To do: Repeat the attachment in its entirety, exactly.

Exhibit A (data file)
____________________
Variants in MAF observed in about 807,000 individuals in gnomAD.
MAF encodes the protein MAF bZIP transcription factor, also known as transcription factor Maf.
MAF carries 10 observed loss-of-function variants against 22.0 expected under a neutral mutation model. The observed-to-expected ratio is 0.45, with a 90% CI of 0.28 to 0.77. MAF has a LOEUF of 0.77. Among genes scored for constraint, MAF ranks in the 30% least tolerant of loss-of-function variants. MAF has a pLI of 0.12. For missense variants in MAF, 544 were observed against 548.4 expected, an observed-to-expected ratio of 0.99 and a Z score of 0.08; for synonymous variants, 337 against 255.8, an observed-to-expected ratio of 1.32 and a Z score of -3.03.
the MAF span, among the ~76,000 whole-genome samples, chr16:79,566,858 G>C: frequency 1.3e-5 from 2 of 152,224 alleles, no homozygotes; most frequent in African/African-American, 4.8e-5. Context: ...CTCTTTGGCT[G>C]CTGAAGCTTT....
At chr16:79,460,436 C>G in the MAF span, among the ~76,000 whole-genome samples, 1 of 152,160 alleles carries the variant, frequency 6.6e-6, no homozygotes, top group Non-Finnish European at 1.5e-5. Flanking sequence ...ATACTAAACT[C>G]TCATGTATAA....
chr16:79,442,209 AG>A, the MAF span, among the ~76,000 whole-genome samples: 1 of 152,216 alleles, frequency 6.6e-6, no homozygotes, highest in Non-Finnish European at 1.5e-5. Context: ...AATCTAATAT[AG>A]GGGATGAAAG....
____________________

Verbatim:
Variants in MAF observed in about 807,000 individuals in gnomAD.
MAF encodes the protein MAF bZIP transcription factor, also known as transcription factor Maf.
MAF carries 10 observed loss-of-function variants against 22.0 expected under a neutral mutation model. The observed-to-expected ratio is 0.45, with a 90% CI of 0.28 to 0.77. MAF has a LOEUF of 0.77. Among genes scored for constraint, MAF ranks in the 30% least tolerant of loss-of-function variants. MAF has a pLI of 0.12. For missense variants in MAF, 544 were observed against 548.4 expected, an observed-to-expected ratio of 0.99 and a Z score of 0.08; for synonymous variants, 337 against 255.8, an observed-to-expected ratio of 1.32 and a Z score of -3.03.
the MAF span, among the ~76,000 whole-genome samples, chr16:79,566,858 G>C: frequency 1.3e-5 from 2 of 152,224 alleles, no homozygotes; most frequent in African/African-American, 4.8e-5. Context: ...CTCTTTGGCT[G>C]CTGAAGCTTT....
At chr16:79,460,436 C>G in the MAF span, among the ~76,000 whole-genome samples, 1 of 152,160 alleles carries the variant, frequency 6.6e-6, no homozygotes, top group Non-Finnish European at 1.5e-5. Flanking sequence ...ATACTAAACT[C>G]TCATGTATAA....
chr16:79,442,209 AG>A, the MAF span, among the ~76,000 whole-genome samples: 1 of 152,216 alleles, frequency 6.6e-6, no homozygotes, highest in Non-Finnish European at 1.5e-5. Context: ...AATCTAATAT[AG>A]GGGATGAAAG....